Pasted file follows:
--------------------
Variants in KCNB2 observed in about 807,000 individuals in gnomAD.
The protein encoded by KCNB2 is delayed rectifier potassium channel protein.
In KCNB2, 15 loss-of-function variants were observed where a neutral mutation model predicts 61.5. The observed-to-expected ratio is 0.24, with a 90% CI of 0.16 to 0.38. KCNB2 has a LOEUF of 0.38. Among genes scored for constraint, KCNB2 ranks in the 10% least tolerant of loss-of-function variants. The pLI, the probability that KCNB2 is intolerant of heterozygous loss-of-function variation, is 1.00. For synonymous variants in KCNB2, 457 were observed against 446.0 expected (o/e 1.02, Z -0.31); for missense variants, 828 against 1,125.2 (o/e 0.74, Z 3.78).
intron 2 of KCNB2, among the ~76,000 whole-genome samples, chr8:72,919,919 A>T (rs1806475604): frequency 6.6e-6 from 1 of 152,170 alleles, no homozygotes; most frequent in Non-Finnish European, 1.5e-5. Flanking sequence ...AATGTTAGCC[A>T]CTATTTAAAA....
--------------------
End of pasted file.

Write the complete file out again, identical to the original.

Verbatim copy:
Variants in KCNB2 observed in about 807,000 individuals in gnomAD.
The protein encoded by KCNB2 is delayed rectifier potassium channel protein.
In KCNB2, 15 loss-of-function variants were observed where a neutral mutation model predicts 61.5. The observed-to-expected ratio is 0.24, with a 90% CI of 0.16 to 0.38. KCNB2 has a LOEUF of 0.38. Among genes scored for constraint, KCNB2 ranks in the 10% least tolerant of loss-of-function variants. The pLI, the probability that KCNB2 is intolerant of heterozygous loss-of-function variation, is 1.00. For synonymous variants in KCNB2, 457 were observed against 446.0 expected (o/e 1.02, Z -0.31); for missense variants, 828 against 1,125.2 (o/e 0.74, Z 3.78).
intron 2 of KCNB2, among the ~76,000 whole-genome samples, chr8:72,919,919 A>T (rs1806475604): frequency 6.6e-6 from 1 of 152,170 alleles, no homozygotes; most frequent in Non-Finnish European, 1.5e-5. Flanking sequence ...AATGTTAGCC[A>T]CTATTTAAAA....